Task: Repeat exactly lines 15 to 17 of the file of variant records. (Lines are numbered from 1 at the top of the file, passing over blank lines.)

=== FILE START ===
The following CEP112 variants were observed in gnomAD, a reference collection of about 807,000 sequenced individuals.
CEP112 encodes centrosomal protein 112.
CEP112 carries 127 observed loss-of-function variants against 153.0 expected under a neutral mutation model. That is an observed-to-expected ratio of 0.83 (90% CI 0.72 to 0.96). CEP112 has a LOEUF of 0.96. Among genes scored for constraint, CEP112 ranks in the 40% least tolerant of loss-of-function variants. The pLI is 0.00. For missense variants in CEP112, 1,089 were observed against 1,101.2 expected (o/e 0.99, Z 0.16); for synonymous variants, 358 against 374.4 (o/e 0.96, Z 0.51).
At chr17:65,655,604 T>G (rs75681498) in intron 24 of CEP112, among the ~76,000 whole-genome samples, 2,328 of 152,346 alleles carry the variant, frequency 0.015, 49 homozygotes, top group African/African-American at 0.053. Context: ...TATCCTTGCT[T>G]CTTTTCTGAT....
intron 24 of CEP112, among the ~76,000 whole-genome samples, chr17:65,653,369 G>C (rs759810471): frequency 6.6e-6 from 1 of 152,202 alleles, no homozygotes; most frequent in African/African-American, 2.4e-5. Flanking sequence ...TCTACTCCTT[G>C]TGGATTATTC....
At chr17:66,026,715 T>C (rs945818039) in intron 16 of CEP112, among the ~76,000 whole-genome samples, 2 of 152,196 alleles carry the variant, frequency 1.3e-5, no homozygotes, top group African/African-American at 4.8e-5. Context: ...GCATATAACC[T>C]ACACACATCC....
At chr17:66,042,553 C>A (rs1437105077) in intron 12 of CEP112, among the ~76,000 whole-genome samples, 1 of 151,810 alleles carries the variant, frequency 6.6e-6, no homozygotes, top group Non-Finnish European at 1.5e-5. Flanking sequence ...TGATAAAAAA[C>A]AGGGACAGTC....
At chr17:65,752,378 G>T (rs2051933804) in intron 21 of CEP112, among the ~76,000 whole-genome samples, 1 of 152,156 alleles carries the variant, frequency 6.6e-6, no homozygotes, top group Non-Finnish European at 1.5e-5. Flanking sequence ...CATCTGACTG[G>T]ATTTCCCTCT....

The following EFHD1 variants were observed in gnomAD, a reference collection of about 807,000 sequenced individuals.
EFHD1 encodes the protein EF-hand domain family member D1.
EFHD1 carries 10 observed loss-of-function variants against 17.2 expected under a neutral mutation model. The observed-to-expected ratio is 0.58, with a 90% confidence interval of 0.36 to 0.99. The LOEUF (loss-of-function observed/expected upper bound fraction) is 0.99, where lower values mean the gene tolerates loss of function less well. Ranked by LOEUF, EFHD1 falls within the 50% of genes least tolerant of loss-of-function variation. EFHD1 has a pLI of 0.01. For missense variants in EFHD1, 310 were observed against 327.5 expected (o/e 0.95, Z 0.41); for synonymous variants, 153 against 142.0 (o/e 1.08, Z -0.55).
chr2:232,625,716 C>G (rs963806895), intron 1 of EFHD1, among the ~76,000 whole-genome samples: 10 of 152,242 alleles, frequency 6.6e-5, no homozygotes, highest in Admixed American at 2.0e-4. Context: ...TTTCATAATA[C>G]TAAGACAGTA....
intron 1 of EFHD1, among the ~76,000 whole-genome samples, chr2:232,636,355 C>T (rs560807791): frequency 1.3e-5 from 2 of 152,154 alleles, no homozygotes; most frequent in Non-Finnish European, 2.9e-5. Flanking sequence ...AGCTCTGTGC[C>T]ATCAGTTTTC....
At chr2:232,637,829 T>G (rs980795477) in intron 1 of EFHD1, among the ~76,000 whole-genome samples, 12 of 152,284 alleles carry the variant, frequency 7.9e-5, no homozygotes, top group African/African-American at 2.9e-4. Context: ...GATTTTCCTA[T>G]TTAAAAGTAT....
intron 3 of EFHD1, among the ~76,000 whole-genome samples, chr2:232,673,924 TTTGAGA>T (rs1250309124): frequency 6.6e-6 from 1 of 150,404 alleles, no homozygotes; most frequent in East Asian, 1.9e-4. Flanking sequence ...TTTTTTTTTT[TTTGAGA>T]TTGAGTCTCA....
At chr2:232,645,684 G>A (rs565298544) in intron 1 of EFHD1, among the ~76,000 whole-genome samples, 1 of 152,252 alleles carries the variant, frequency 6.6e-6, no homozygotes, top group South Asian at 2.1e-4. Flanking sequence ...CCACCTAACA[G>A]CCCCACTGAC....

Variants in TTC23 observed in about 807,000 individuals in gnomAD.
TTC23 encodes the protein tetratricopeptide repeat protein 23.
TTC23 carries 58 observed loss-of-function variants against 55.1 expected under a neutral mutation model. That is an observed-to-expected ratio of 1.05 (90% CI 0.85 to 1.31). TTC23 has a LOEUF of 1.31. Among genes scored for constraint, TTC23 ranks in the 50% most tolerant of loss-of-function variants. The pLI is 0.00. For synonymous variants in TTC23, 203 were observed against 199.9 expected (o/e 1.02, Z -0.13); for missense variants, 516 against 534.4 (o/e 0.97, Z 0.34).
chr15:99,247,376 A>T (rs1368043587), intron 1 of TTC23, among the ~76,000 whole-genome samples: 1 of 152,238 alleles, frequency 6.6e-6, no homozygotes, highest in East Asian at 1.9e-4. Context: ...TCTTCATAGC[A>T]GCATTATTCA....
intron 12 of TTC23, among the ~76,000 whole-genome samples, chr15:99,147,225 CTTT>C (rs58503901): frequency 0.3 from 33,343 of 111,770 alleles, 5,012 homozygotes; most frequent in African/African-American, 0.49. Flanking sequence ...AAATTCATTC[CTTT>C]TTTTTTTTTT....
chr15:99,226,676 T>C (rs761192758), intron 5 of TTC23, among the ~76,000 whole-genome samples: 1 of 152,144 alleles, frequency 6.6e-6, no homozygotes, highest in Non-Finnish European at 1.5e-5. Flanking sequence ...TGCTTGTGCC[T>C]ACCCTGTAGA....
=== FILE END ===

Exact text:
intron 3 of EFHD1, among the ~76,000 whole-genome samples, chr2:232,673,924 TTTGAGA>T (rs1250309124): frequency 6.6e-6 from 1 of 150,404 alleles, no homozygotes; most frequent in East Asian, 1.9e-4. Flanking sequence ...TTTTTTTTTT[TTTGAGA>T]TTGAGTCTCA....
At chr2:232,645,684 G>A (rs565298544) in intron 1 of EFHD1, among the ~76,000 whole-genome samples, 1 of 152,252 alleles carries the variant, frequency 6.6e-6, no homozygotes, top group South Asian at 2.1e-4. Flanking sequence ...CCACCTAACA[G>A]CCCCACTGAC....

Variants in TTC23 observed in about 807,000 individuals in gnomAD.